Re: [Slim] Alissa Cooper's No Objection on draft-ietf-slim-negotiating-human-language-22: (with COMMENT)

Paul Kyzivat <pkyzivat@alum.mit.edu> Thu, 11 January 2018 20:53 UTC

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To: Randall Gellens <rg+ietf@randy.pensive.org>, slim@ietf.org
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From: Paul Kyzivat <pkyzivat@alum.mit.edu>
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Date: Thu, 11 Jan 2018 15:52:57 -0500
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Subject: Re: [Slim] Alissa Cooper's No Objection on draft-ietf-slim-negotiating-human-language-22: (with COMMENT)
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On 1/10/18 11:27 AM, Randall Gellens wrote:
> At 11:01 AM -0500 1/10/18, Paul Kyzivat wrote:
> 
>>  On 1/9/18 3:08 PM, Randall Gellens wrote:
>>>  Hi Alissa,
>>>
>>>  Good point.  I can reword the Security Considerations section to read:
>>>
>>>      The Security Considerations of BCP 47 [RFC5646] apply here.  An
>>>      attacker with the ability to modify signaling could prevent a call
>>>      from succeeding by altering any of several crucial elements,
>>>      including the 'hlang-send' or 'hlang-recv' values.  RFC 5069
>>>      [RFC5069] discusses such threats.  Use of TLS or IPSec can protect
>>>      against such threats.  Emergency calls are of particular 
>>> concern; RFC
>>>      6881 [RFC6881], which is specific to emergency calls, mandates 
>>> use of
>>>      TLS or IPSec (in ED-57/SP-30).
>>
>>  Is this a real concern? IIUC the processing of emergency calls 
>> prioritizes completion of the call above everything else. Lack of 
>> support for a requested language should never result in call failure.
> 
> It's a concern for calls in general that an attacker who is able to 
> modify the signaling can cause calls to fail.  The attacker could modify 
> the Request-URI, causing the call to be routed to, e.g., a pothole 
> reporting line instead of the police, or to a completely bogus 
> destination, or modify the Contact-URI or any other crucial element.  

But that is nothing unique to SLIM. In this respect it is the same as 
any sip call.

	Thanks,
	Paul

> It's true that where emergency calls are concerned, normally the 
> priority is for the call to complete no matter what.  A PSAP is highly 
> unlikely to fail a call if there are no languages in common.  RFC 6881 
> mandates use of TLS or IPSec but also that a call proceeds even if TLS 
> or IPSec fail.
> 
> 
>>>  At 10:18 AM -0800 1/9/18, Alissa Cooper wrote:
>>>
>>>>   Alissa Cooper has entered the following ballot position for
>>>>   draft-ietf-slim-negotiating-human-language-22: No Objection
>>>>
>>>>   When responding, please keep the subject line intact and reply to all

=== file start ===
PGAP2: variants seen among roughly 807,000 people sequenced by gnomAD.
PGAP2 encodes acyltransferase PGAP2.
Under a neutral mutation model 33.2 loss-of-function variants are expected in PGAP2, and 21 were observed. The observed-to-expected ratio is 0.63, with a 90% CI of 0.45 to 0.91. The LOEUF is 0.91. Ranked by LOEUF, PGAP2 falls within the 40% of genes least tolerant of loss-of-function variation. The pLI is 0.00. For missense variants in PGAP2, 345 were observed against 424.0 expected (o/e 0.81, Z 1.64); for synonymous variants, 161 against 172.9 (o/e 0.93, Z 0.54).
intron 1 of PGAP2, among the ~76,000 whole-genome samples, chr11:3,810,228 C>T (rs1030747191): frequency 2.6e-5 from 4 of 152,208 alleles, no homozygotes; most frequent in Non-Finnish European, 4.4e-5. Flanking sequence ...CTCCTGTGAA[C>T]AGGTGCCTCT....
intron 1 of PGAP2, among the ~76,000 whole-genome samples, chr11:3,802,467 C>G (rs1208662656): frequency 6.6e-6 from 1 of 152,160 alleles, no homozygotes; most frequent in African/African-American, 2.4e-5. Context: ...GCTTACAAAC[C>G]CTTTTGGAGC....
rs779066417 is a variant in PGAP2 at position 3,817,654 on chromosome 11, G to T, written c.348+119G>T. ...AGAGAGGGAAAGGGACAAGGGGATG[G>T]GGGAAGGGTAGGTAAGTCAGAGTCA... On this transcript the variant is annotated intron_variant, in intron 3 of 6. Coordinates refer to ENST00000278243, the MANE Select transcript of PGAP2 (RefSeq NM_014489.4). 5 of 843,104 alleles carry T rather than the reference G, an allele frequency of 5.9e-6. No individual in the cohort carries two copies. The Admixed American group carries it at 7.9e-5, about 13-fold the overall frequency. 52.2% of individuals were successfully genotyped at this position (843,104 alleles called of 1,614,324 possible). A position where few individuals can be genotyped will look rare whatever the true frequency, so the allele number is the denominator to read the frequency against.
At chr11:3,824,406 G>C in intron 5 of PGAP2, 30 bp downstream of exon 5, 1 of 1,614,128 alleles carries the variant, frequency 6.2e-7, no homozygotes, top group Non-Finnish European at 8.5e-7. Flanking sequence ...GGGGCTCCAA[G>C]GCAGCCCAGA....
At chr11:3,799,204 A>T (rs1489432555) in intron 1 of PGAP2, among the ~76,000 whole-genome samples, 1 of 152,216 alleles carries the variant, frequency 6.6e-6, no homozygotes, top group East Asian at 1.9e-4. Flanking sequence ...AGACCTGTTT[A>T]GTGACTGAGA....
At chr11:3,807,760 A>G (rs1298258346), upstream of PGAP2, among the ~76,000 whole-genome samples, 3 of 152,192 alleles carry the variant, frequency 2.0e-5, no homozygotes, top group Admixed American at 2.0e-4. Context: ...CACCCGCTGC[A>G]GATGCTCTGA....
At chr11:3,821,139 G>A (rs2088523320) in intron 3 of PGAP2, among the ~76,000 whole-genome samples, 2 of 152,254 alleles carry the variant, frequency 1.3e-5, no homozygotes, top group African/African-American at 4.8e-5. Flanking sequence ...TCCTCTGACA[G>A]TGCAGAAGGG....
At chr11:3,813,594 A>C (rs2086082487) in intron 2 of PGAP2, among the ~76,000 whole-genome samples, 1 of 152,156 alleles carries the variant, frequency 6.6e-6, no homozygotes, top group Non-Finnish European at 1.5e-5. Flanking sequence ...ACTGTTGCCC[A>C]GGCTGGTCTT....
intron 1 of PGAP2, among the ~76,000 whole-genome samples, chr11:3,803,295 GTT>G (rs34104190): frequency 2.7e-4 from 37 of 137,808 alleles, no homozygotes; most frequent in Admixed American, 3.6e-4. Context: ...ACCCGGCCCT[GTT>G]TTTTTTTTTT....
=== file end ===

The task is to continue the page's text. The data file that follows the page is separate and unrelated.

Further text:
>>>>   email addresses included in the To and CC lines. (Feel free to cut 
>>>> this
>>>>   introductory paragraph, however.)
>>>>
>>>>
>>>>   Please refer to 
>>>> https://www.ietf.org/iesg/statement/discuss-criteria.html
>>>>   for more information about IESG DISCUSS and COMMENT positions.
>>>>
>>>>
>>>>   The document, along with other ballot positions, can be found here:
>>>>
>>>> https://datatracker.ietf.org/doc/draft-ietf-slim-negotiating-human-language/ 
>>>>
>>>>
>>>>
>>>>
>>>>   
>>>> ----------------------------------------------------------------------
>>>>   COMMENT:
>>>>   
>>>> ----------------------------------------------------------------------
>>>>
>>>>   == Section 7 ==
>>>>
>>>>   "In
>>>>      addition, if the 'hlang-send' or 'hlang-recv' values are 
>>>> altered or
>>>>      deleted en route, the session could fail or languages
>>>>      incomprehensible to the caller could be selected; however, this is
>>>>      also a risk if any SDP parameters are modified en route."
>>>>
>>>>   Given that one of the primary use cases for the attributes defined 
>>>> here is for
>>>>   emergency calling, it seems worthwhile to call out the new 
>>>> specific threat that
>>>>   these attributes enable in that case, namely the targeted 
>>>> manipulation/forgery
>>>>   of the language attributes for the purposes of denying emergency 
>>>> services to a
>>>>   caller. This general class of attacks is contemplated in Section 
>>>> 5.2.2 of RFC
>>>>   5069, although there may be a better reference to cite here for 
>>>> what to do if
>>>>   you don't want your emergency calls subject to that kind of attack 
>>>> (I can't
>>>>   recall another document off the top of my head).
>>>>
>>>>   == Section 8 ==
>>>>
>>>>   This seems weak for not including some words to indicate what to 
>>>> do to mitigate
>>>>   the risks of exposing this information.
>>>
>>>
>>
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> 
>